7 summer camps for kids who want to make a difference
Whether your kid is into craftsor critters, there’s a campwhere they can give back
By Micah Toub
Summer camp has always been about making friends, enjoying the outdoors and learning new skills, like pranking neighbouring cabins or properly roasting a marshmallow before it falls into the fire.
But this spring, as you search for the perfect sun-dappled spot for your kids, maybe it’s time to look for something more—like a fun-filled experience that also nurtures a budding sense of altruism. If you want to send your offspring away this summer and have them return with a new worldview that includes a desire to make a difference in their communities, here’s a handful of camps that will give them that, and more.
This summer camp (run by ME to WE, Craig and Marc Kielburger’s global non-profit devoted to community service), provides kids and teens with an education in social issues and opportunities to give back. But rather than just more talk about doing good, campers are encouraged to go a step further by spending a day volunteering, as well as coming up with an action plan for creating positive change back in their own communities. (Also included: the usual camp fun stuff, like making tie-dye T-shirts and singing songs around a campfire).
Where: Bethany, Ontario
Age range: 9-18
Good to know: Discounts are available for sibling registrations, as well as those staying more than one week.
Featuring a wind turbine, the latest in solar systems and even a greenhouse made from straw bales, this camp located on 186 acres off the shore of Clear Lake is the perfect place to inspire future environmental activists to look after each other’s backyards. Founded in 1921, Camp Kawartha has decades of experience proving that sustainability isn’t boring—campers race model solar cars and get to cook food on a parabolic oven that looks like it’s straight out of a sci-fi movie.
Where: Duoro-Dummer, Ontario
Age range: 5-17
Good to know: The camp’s goal is “to create a supportive community which recognizes and values every child” and to that end has a capacity of 125 campers for each session.
TIFF Summer Camps
A penetrating documentary or provocative drama have the power to touch hearts and change minds—and for creative kids with an appreciation for film, it’s never too early to learn the skills of the trade at TIFF’s fun and collaborative camps. As they work on their own creations, future changemakers are exposed to a range of formats and possibilities, from silent film and stop-motion animation to moving images captured with 360-virtual reality.
Where: Toronto, Ontario
Age range: 8-17
Good to know: This is a day camp. Programming ends at 4 p.m., but after-care is available until 5 p.m.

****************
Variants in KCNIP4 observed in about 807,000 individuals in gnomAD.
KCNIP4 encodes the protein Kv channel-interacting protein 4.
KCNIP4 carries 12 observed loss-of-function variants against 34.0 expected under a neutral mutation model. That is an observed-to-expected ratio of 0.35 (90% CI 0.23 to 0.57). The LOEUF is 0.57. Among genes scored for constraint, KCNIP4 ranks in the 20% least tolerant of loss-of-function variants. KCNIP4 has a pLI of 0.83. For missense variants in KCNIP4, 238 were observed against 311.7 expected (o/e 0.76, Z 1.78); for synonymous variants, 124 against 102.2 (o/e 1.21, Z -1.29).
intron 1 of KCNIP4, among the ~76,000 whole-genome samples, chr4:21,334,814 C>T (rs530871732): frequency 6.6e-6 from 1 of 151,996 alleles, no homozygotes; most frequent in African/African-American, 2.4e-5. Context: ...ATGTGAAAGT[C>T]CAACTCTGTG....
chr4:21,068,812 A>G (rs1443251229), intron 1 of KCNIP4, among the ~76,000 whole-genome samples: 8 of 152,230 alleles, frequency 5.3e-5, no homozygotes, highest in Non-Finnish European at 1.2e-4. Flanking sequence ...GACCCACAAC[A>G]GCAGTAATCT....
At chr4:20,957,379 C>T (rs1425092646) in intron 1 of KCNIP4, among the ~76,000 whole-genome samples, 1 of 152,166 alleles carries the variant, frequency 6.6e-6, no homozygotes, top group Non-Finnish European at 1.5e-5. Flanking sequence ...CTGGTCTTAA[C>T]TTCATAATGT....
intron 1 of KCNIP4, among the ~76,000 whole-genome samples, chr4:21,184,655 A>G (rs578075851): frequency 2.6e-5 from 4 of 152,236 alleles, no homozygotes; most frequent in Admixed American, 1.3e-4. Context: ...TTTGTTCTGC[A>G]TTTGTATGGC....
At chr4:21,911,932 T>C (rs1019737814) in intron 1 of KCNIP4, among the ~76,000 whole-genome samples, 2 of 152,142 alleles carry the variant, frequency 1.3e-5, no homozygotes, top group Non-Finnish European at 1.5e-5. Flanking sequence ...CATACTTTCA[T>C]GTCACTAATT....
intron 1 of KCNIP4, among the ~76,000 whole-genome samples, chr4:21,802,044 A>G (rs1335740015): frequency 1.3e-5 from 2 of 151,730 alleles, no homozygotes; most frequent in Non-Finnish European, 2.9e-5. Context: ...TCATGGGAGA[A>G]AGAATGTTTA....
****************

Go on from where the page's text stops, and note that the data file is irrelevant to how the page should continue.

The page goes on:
Debate Camp Canada
While a lot of camps may promise to teach kids skills in diplomacy, this one for future global changemakers takes it seriously. Offering both day and overnight camps across the country, Debate Camp Canada gives kids the skills to brainstorm ideas and effectively communicate them. Programming includes Model United Nations activities, which in the past have challenged campers to solve hypothetical world health crises or respond to markets collapsing and cybercrime.
Where: Available in eight cities across Canada
Age range: Grade 5-11
Good to know: Campers are divided by ability rather than age and can move between groups as necessary.
Camp Fur, Fins and Feathers
Through the months of July and August, the Calgary Humane Society offers campers close encounters with bunnies, reptiles, birds—and yes, cats and dogs. While it’s a lot of fun for young pet lovers, the camp’s underlying purpose is also to instill emotional literacy and compassion for all living beings—an appreciation they can take back to their classmates at the end of summer (and hopefully even to their siblings). Older campers may also take part in helping shelter animals socialize and creating media campaigns encouraging adoption. (Many local Humane Societies offer similar camp opportunities, so check with the one in your community to see what’s available.)
Where: Calgary, Alberta
Age range: Grade 1-9
Good to know: This day camp’s programming runs from 9 a.m.-4 p.m., but kids may be dropped off at 8:30 a.m. and picked up at 5 p.m.
As most initiatives for queer and trans youth are located in urban settings, this camp’s forested island setting is a great opportunity for LGBTQIA2S+ to have a fun outdoorsy experience that is safe and inclusive. Run over four days in July and affiliated with the University of British Columbia’s Institute for Gender, Race, Sexuality and Social Justice, CampOUT’s community-building and self-esteem boosting exercises are equally matched by arts and crafts, games, yoga and dance. On the last day, before heading home, the group discusses how to use their new tools to be agents of change back home.
Where: Gambier Island, British Columbia
Age range: 14-21
Good to know: While LGBTQIA2S+ campers are prioritized, CampOUT welcomes allied campers regardless of their orientation.
Tundra Science and Culture Camp
For over two decades, the Department of Environment and Natural Resources has hosted a small group of campers at a research station on Daring Lake—one short plane flight from Yellowknife. The teens who embark on this adventure are richly rewarded, gaining hands-on experience with environmental monitoring and even contributing to actual scientific studies. They gain a holistic picture of the interconnectedness of plant and animal life from both the researchers who work on site, and Tlicho elders who guide campers in learning about the land from an indigenous perspective.
Where: Daring Lake, Northwest Territories
Age range: High-school students
Good to know: Students must apply to participate, including a recommendation from a school liaison.